Screen locking in Xubuntu 14.04

Improving screenlocking (or: sessionlocking) has been on our agenda for a few cycles now. We’ve used the old and proven XScreensaver for a few releases, but people have always complained about its antiquated looks (which are also not customizable). Switching to gnome-screensaver wasn’t an option because of the additional package dependencies. Furthermore, after gnome-screensaver 3.6, locking became more tightly integrated into Gnome-Shell, which is why Ubuntu/Unity kept version 3.6 and has maintained it for a few releases now.

Starting with 14.04, Ubuntu/Unity have switched to a new solution for locking, and so have we.

The solution Xubuntu uses in 14.04 is called light-locker. The light-locker project is a fork of gnome-screensaver 3.6, but cut down to a bare minimum (so no gnome-dependencies), using LightDM’s greeter as the lock (and unlock) screen.

How does the screenlocking work?

There aren’t too many changes for users. The light-locker process operates in the background and people can still lock their session in the ways they used to (e.g. through Whiskermenu’s lock launcher or through a keyboard shortcut invoking “xflock4″).

Settings are configurable via a settings dialog developed for Xubuntu 14.04, called Light Locker Settings. The tool can be found in the the Settings Manager. It allows you to configure whether your session should be locked automatically after a timeout and the screen-blank and off times. The dialog is still, for the moment, basic, but it should allow you enough control. Refinements are planned for future cycles/releases.

One thing that changes for users is the fact that locking with LightDM means that a new virtual terminal is opened. In a default single-user session, the user’s X session rests at VT7 (reachable with the keyboard-shortcut Ctrl+Alt+F7). When you lock your session, LightDM sends a lock signal, light-locker locks the session on VT7 and you get forwarded to VT8, where you’re presented with the login greeter, which serves as the unlock dialog.

The aforementioned change introduces one inconvenience you might (or might not) notice: when light-locker switches the VT, there is some screenflickering and it could take a second or two on older machines.

What happened to my music playback?

As your seat becomes inactive, your audio stream is stopped/paused until you log into your session again. This is one of the known issues of light-locker or locking with LightDM in general.

Currently, when locking, it is assumed you are either:

  1. in a public space of sorts (the desktop at home hardly needs locking) and have walked away from the machine
  2. using a system with more than one user

Stopping/pausing playback in both of these scenarios make sense.

However, this might be an annoying change for users used to having their music playback continue even when their session locks. If you don’t like this behavior, there are basically two solutions:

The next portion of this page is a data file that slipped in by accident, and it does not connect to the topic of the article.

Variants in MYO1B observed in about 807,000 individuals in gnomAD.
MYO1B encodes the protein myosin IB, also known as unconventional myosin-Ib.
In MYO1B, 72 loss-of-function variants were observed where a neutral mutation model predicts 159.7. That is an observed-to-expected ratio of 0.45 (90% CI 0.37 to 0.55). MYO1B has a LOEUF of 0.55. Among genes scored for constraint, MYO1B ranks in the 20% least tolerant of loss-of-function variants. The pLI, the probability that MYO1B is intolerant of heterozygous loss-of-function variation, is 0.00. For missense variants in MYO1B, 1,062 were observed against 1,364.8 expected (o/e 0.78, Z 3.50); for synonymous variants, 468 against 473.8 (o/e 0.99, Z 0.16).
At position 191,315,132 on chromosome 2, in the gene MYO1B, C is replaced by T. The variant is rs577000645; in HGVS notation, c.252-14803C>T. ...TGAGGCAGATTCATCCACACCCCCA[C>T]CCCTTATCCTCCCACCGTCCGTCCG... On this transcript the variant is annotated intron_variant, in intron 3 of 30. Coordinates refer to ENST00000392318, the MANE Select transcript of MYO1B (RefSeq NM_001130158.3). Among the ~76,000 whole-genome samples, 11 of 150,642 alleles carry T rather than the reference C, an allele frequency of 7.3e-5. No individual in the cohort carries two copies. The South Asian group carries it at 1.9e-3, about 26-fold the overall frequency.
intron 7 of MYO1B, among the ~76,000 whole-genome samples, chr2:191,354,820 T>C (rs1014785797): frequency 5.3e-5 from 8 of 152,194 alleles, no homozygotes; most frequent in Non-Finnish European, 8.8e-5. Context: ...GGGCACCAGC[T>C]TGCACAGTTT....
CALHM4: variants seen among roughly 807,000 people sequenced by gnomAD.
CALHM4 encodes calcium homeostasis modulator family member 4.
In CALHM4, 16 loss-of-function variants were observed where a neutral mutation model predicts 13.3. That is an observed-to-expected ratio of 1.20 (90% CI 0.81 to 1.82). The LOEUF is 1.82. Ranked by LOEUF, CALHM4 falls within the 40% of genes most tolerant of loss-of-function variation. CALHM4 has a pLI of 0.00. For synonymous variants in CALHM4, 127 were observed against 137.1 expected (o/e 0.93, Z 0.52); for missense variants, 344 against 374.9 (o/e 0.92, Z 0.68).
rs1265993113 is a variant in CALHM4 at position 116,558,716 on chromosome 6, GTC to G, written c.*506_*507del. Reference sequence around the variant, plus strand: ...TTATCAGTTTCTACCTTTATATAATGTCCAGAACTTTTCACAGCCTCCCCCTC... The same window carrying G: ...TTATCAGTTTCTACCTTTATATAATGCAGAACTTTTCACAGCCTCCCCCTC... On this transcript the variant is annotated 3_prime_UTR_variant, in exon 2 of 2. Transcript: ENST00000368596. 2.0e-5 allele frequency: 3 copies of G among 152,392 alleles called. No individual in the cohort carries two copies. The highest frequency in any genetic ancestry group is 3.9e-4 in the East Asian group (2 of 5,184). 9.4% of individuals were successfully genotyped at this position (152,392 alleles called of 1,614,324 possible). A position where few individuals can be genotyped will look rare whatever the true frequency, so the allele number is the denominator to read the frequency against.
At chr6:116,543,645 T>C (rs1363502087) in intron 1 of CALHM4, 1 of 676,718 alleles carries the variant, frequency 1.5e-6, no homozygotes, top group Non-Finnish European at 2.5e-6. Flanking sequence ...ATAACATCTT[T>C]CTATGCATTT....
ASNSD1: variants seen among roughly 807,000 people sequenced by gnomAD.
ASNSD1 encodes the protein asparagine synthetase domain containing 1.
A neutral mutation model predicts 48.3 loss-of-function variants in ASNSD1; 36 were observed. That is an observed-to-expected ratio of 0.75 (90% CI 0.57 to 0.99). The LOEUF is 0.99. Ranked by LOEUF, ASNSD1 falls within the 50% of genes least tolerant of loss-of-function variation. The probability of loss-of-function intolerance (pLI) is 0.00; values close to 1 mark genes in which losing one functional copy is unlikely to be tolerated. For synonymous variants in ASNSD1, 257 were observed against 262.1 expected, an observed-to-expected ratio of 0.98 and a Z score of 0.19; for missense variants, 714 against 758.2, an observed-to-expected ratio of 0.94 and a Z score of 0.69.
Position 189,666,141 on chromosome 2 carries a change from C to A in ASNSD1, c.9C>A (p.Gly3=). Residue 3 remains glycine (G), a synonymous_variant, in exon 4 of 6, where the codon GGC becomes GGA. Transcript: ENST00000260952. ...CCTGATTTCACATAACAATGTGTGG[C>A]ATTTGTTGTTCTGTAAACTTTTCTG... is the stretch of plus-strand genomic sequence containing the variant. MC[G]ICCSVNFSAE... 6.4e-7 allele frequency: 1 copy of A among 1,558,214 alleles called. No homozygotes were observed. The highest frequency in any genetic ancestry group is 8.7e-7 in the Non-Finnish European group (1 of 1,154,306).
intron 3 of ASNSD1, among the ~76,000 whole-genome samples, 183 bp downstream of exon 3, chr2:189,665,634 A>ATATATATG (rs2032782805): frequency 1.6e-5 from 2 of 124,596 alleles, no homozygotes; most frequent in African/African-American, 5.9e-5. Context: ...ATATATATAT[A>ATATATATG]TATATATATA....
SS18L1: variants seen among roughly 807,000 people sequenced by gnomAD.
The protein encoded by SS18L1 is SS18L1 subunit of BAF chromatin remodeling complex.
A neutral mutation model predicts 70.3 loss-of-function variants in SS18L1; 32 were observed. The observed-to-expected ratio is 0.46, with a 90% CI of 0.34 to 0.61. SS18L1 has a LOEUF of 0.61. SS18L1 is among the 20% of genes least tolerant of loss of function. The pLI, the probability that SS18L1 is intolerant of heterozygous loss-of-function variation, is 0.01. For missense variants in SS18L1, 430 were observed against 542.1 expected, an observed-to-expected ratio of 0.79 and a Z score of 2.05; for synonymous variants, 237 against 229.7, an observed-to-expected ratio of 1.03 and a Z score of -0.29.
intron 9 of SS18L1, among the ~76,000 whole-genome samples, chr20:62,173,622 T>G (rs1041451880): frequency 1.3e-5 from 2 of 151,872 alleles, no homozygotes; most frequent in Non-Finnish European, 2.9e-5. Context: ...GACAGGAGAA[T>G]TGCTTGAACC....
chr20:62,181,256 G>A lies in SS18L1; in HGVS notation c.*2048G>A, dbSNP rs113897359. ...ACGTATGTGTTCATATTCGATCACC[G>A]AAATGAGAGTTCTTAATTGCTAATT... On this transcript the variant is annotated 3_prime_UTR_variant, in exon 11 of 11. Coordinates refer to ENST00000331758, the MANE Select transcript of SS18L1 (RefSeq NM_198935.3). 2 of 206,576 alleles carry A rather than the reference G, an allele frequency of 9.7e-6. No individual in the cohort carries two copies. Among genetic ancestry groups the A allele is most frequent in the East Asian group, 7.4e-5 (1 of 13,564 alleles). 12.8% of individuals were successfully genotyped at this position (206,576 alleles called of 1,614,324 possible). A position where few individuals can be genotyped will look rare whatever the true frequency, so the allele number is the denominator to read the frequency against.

1. Set light-locker to lock the session “When the screensaver is deactivated”
  2. Switch back to using xscreensaver
  3. Add your user to the “audio” group on your computer and  music playback will continue also with light-locker

The first option is a good workaround, because it means that your audio-playback will continue when the screen has been blanked. However, when you wake up your computer, e.g. by touching the mouse, it will pause the music until you log into your session again.
The third solution is mentioned last, because it isn’t advised to add your user to the “audio” group (read The Audio Group wiki page for a comprehensive explanation). However, as long as you’re on a single-user system, this might still be an option for you.

Can I have a screensaver other than the blank screen with light-locker?

In a word – no.

If you need a screensaver for whatever reason, perhaps using a TV for a monitor and don’t want a blank screen, then you will need to remove light-locker and install some alternative, like xscreensaver.


From Xubuntu 14.04 on, we can finally provide a visually consistent way of logging in to and locking your session with light-locker. As mentioned above, there is a conceptual change in how we look at locking in Xubuntu (which to some might seem like a small regression), however, there are still good alternatives for those who don’t agree with our vision.

Known Issues

Currently, you might run into this known issue (that we discovered only when the release was already imminent), which we’re already working on fixing:

  1. Xfce4 Power Manager does not restore screen power (1259339) – see the release notes for details and workarounds

Also, upgraders from previous Xubuntu versions might run into trouble because XScreensaver and light-locker are both installed. Just get rid of one of the two to resolve that.